Oscar Fingal O'Flahertie Wills Wilde (16 October 1854 – 30 November
1900) was an Irish writer, poet, and prominent aesthete. His parents were
successful Dublin intellectuals, and from an early age he was tutored at
home, where he showed his intelligence, becoming fluent in French and
German. He attended boarding school for six years, then matriculated to
university at seventeen years old. Reading Greats, Wilde proved himself to
be an outstanding classicist, first at Dublin, then at Oxford. After
university, Wilde moved around trying his hand at various literary
activities: he published a book of poems and toured America lecturing
extensively on aestheticism. He then returned to London, where he worked
prolifically as a journalist for four years. Known for his biting wit,
flamboyant dress, and glittering conversation, Wilde was one of the most
well-known personalities of his day. He next produced a series of dialogues
and essays that developed his ideas about the supremacy of art. However, it
was his only novel, The Picture of Dorian Gray – still widely read – that
brought him more lasting recognition. He became one of the most successful
playwrights of the late Victorian era in London with a series of social
satires which continue to be performed, especially his masterpiece The
Importance of Being Earnest.
At the height of his fame and success, Wilde suffered a dramatic downfall in
a sensational series of trials. He sued his lover's father for libel, though
the case was dropped at trial. After two subsequent trials, Wilde was
imprisoned for two years' hard labour, having been convicted of "gross
indecency" with other men. In prison he wrote De Profundis, a dark
counterpoint to his earlier philosophy of pleasure. Upon his release he left
immediately for France, never to return to Ireland or Britain. There he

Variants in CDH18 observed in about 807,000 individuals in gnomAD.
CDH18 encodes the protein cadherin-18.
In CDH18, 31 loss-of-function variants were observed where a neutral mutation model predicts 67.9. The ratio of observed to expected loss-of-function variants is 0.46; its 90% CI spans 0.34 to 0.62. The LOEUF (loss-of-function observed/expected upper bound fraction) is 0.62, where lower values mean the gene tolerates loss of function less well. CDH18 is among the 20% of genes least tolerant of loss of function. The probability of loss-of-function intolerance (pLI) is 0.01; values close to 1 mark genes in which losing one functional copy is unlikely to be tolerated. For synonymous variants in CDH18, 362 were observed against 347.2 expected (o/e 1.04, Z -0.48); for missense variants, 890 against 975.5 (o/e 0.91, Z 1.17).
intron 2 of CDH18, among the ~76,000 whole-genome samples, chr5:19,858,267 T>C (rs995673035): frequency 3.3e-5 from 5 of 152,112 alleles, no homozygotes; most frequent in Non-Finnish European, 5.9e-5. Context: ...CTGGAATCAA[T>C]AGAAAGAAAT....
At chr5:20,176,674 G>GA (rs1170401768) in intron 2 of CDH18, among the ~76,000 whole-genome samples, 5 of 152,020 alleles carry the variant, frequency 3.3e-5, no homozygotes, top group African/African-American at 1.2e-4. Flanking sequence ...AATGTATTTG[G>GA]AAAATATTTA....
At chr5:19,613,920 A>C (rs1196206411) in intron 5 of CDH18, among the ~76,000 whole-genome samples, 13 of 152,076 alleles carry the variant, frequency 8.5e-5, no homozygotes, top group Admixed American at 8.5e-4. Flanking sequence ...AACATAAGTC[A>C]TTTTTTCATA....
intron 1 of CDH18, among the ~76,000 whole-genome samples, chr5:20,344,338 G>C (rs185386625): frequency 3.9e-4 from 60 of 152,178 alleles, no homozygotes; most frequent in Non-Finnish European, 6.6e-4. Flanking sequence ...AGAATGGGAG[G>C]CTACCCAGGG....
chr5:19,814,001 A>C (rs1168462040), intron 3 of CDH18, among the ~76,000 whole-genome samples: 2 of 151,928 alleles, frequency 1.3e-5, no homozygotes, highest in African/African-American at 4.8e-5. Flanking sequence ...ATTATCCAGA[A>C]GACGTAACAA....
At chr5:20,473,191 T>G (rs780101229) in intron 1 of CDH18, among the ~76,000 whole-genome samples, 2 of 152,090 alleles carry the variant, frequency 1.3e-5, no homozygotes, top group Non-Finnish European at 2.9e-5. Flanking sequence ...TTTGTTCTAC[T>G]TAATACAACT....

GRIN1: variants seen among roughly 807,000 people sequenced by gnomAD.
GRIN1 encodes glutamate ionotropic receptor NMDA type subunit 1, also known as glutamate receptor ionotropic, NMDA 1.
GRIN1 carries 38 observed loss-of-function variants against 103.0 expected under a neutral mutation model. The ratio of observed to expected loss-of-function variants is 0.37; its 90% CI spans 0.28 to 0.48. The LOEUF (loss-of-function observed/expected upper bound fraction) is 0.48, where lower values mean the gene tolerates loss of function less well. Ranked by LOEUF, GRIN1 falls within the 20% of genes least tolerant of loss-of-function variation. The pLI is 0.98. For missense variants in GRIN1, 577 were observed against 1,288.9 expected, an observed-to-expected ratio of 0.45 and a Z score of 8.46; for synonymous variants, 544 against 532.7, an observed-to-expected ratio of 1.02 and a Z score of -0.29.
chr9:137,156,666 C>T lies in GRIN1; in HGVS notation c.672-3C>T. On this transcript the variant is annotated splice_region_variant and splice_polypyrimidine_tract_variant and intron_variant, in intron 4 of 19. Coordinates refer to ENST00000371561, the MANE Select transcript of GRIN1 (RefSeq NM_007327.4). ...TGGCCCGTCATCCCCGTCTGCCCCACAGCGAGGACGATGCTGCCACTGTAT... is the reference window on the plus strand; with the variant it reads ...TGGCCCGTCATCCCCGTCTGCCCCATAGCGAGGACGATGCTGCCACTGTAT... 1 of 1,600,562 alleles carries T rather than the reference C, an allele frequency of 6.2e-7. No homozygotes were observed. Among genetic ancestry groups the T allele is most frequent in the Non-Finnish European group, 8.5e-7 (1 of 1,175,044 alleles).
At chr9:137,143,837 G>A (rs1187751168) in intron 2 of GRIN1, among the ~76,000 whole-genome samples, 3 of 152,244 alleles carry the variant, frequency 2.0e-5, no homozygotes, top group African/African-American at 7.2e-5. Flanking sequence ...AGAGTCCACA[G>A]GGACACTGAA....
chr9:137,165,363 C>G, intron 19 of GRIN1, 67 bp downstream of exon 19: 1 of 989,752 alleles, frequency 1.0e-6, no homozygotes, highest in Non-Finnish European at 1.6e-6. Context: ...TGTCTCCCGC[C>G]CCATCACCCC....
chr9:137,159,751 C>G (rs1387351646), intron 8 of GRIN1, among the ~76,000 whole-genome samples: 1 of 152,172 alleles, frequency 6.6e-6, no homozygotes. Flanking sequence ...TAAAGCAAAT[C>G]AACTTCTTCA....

wrote his last work, The Ballad of Reading Gaol, a long, terse poem
commemorating the harsh rhythms of prison life. He died destitute in Paris
at the age of forty-six.
(Note: biography courtesy of Wikipedia)
This weeks featured quotations are by
"What's in a name? That which we call a rose
By any other name would smell as sweet."
Romeo and Juliet (II, ii, 1-2)
To-morrow, and to-morrow, and to-morrow,
Creeps in this petty pace from day to day,
To the last syllable of recorded time;
And all our yesterdays have lighted fools
The way to dusty death. Out, out, brief candle!
Life's but a walking shadow, a poor player,
That struts and frets his hour upon the stage,
And then is heard no more. It is a tale
Told by an idiot, full of sound and fury,
Macbeth Act 5, scene 5, 19–28
'Tis almost morning, I would have thee gone—
And yet no farther than a wan-ton's bird,
That lets it hop a little from his hand,
Like a poor prisoner in his twisted gyves,
And with a silken thread plucks it back again,
So loving-jealous of his liberty.
I would I were thy bird.
Sweet, so would I,
Yet I should kill thee with much cherishing.
Good night, good night! Parting is such sweet sorrow,
That I shall say good night till it be morrow. [Exit above]
Romeo And Juliet Act 2, scene 2, 176–185
"When beggars die there are no comets seen;
The heavens themselves blaze forth the death of princes."
Julius Caesar (II, ii, 30-31)